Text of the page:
Daily Archives: December 7, 2015

Playground Revisited

When there’s a will, there’s a way;
when there are two wills
there’s a weigh-in,
a preparation for contest.

I looked the other guy
in the chest and said
this wasn’t going to be
good.  But enough in me

claimed the side of right 
to feel that a fast first strike
would be enough, and so
I struck first, dirty-style,

the kick to the balls, 
the worst thing defined
under the playground code.
Down he went, but I’d missed

how many of his friends were there, 
had forgotten I was old now
and hadn’t been on a playground
in years; fortunately they took

more pity upon me than the code 
would have suggested I deserved,
and I came away more or less 
intact, at least for the long term,

but I learned something that day 
about what boys some men remain
long after they graduate
from elementary school; learned

how many years a sense of panic
gained at eight can last, learned
how badly I wanted to be eight again,
and how easily that could happen.

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Documentary

A mother gray whale
watches orcas savage
and slay her calf;

she lingers in the red sea
for a moment, then
continues on alone.

The calf’s carcass drifts toward
the bottom of the shallows
where it will serve its killers

as a meal to be consumed
at their leisure. I don’t cry —
not for that calf

who after all was simply in
the wrong place at the wrong time
or the right place if you believe

all things happen for a reason,
nor for that mother who lingers briefly
then moves on, nor for the orcas 

who need to feed and are only doing
what they are designed to do. I think
I’m going to cry for the documentarian

who watched these things happen
without being able to affect an outcome,
without wanting perhaps even to try —

I don’t know if that’s fair, or true; maybe
they began this work seeking that
and slipped away from it the way a corpse

dissolves to gray when it is finished
with living. In moments of such drift
perhaps they turn back towards themselves

and say there’s still hope it will change
something, awaken a viewer into action 
on behalf of those things which can be changed.

I say this on a night when video
of Laquan McDonald’s murder by cop
on a Chicago street pushes throngs

into action. No one stood
behind that camera. No one watching can see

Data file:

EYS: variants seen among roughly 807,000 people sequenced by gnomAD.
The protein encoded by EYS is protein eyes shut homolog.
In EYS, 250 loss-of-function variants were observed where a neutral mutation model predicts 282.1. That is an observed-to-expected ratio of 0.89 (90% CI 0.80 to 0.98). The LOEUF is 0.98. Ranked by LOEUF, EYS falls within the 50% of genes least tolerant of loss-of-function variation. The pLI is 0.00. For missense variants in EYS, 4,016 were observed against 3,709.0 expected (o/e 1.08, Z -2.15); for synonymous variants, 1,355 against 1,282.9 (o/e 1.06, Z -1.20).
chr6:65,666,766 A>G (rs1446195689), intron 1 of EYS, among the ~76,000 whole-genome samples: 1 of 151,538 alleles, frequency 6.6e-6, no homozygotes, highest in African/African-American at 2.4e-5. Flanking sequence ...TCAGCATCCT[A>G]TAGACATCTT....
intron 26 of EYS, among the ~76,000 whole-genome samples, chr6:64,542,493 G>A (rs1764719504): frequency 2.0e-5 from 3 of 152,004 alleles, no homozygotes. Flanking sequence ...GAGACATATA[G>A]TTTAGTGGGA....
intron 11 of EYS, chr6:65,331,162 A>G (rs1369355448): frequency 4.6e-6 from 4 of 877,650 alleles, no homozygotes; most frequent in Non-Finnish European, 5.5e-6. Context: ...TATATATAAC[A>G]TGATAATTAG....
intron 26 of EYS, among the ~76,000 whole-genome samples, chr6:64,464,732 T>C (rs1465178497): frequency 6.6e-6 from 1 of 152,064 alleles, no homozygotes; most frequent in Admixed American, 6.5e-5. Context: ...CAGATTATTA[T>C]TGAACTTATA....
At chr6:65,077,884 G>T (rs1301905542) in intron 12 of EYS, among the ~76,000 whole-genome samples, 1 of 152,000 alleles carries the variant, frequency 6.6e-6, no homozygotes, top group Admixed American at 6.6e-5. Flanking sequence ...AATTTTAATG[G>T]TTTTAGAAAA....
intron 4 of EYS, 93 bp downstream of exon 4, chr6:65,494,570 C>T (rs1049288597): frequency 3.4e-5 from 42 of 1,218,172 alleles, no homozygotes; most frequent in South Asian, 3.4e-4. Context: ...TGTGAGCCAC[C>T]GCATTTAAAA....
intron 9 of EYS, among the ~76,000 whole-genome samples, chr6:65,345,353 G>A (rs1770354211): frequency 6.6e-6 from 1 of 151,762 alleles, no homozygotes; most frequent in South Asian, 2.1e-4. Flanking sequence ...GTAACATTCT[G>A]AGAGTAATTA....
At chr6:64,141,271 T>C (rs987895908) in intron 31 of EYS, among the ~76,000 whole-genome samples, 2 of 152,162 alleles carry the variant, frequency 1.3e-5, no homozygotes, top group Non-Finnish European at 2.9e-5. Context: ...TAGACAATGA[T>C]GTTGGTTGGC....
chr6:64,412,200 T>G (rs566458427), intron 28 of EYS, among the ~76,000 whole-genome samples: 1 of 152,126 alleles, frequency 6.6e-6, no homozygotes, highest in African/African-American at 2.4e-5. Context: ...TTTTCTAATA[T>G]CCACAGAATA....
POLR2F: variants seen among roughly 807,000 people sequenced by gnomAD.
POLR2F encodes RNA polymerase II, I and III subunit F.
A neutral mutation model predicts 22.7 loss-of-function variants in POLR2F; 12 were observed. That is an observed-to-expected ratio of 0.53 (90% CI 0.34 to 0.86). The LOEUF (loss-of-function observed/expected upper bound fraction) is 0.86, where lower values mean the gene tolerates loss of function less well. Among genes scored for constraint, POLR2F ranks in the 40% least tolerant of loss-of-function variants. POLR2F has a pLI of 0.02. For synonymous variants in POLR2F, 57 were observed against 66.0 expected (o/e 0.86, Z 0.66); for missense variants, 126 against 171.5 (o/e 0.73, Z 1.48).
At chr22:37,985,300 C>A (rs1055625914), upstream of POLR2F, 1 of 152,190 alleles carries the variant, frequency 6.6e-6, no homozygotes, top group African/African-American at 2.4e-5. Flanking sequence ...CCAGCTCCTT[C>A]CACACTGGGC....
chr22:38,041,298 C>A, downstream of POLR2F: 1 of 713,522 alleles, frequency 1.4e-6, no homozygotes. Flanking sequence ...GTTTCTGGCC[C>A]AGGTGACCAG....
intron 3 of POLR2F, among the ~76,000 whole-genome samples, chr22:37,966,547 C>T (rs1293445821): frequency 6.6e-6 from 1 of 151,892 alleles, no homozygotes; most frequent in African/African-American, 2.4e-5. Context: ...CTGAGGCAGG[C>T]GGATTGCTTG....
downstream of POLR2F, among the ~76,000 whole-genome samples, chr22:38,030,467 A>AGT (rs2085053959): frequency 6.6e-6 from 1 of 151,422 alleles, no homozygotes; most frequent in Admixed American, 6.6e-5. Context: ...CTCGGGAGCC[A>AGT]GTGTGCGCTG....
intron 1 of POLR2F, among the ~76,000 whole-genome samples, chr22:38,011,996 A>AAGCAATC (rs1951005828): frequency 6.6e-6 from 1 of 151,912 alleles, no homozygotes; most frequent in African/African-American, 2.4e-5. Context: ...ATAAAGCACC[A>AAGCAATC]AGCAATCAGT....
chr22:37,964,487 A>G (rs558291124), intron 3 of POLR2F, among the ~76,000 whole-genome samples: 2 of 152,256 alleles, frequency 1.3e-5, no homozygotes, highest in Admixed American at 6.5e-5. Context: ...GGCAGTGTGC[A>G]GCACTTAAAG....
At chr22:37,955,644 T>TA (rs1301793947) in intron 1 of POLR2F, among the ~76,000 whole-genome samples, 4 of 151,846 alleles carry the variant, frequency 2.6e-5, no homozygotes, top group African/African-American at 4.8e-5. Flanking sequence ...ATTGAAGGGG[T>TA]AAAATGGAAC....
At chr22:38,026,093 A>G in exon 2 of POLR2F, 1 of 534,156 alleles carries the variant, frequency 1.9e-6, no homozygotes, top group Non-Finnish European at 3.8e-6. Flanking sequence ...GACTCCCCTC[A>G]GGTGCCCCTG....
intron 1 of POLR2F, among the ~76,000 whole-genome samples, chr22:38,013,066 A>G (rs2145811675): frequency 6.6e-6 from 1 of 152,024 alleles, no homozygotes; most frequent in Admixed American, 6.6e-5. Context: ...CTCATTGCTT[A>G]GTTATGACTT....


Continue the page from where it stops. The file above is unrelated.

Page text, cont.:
anything there that had to happen.

No one could say that the cops were doing
what they had to, although it may be
what they were designed to do. 

No camera shows
a mother lingering
over his body. 

Nothing in any film yet made
suggests anyone is moving on;
no natural order

here, no sweet music
of the circle of life.
It’s not that kind of killing. It’s our kind —

unnecessary blood
on the street, on our hands,
on all the surfaces of earth and sea.

Wherever the next camera will be,
wherever
the next killing will be —

right place,
wrong place, right time,
wrong time —

are you going to want to see
the documentary
someone’s going to make

about what you do
when a murder happens
right in front of you? If I say

a murder is happening 
in front of you now — in fact,
several murders, many murders,

hundreds and thousands of murders,
collateral deaths and even more casual
snuffings of spirit that sometimes leave bodies intact

long after they should have drifted off
to the darkness — what will you do then?
Will you chalk it up to orcas being orcas

or will you try to speak, intervene, at least
be witness to it all? Maybe turn away, step out of view,
and say shamefaced there is nothing you can do,

say there’s nothing to be done? I wish I knew
what to say to that.  All I feel right now is the sting
of spray from the cold face of the sea.


Sociology

Originally posted 9/4/2008.  Originally appeared in “Flood,” a chapbook from Pudding House Publications, now out of print.

All people can be divided into two groups:
those who divide people into two groups,
and those who do not.

We call the people who divide people into two groups
“them,” and we call those who do not
“us.”  Sometimes, we call “them” “the Others.”

Let us say everything we know about the Others:
they are grown fat with their unjust ways.  They
hate us.  They are the source of the Smell — ha,

they are overripe with it.  If you were to crack open
the “O” at the beginning of the word “Others,” it would be
as though a durian had been split in a closet and left to rot. 

In fact, the Others
are the splitters of all fruit,
the drainers of all carcasses.

We, of course, are the stitchers of that which is split. 
All people, then, may be split 
into two groups: the splitters of things, and those
who guard that which can be split. We are the Guardians, 

and we call the Splitters “the Others,” “Them,” “Those People.”
They are known for cunning, conspiracies, their inability to follow
laws.  If you straighten out the “S” at the beginning

of the word “Splitters,” you see that it is a snake’s spine;
they have been holding the serpent close to their breasts
since the beginning. Venom is their milk; we

are their silent milkmaids, the ones who carry
the venom to their tables.   It sloshes onto us and we are burned
daily.  All people, in fact, may be divided into two groups:

those who are burned, and those who do the burning;
or perhaps it is those who are poisoned and those who live on poison,
or those who 
worship division and those who pray for shielding and healing;

it’s as lamentable as it is observable
that this is how it is: lines drawn between us and them,
them and us, the People and the Others.

In the end, of course, we know that all people
can indeed ultimately be divided into two groups.

and the division falls as follows:

all people can be divided into two groups —
those who divide people into two groups,
and the dead.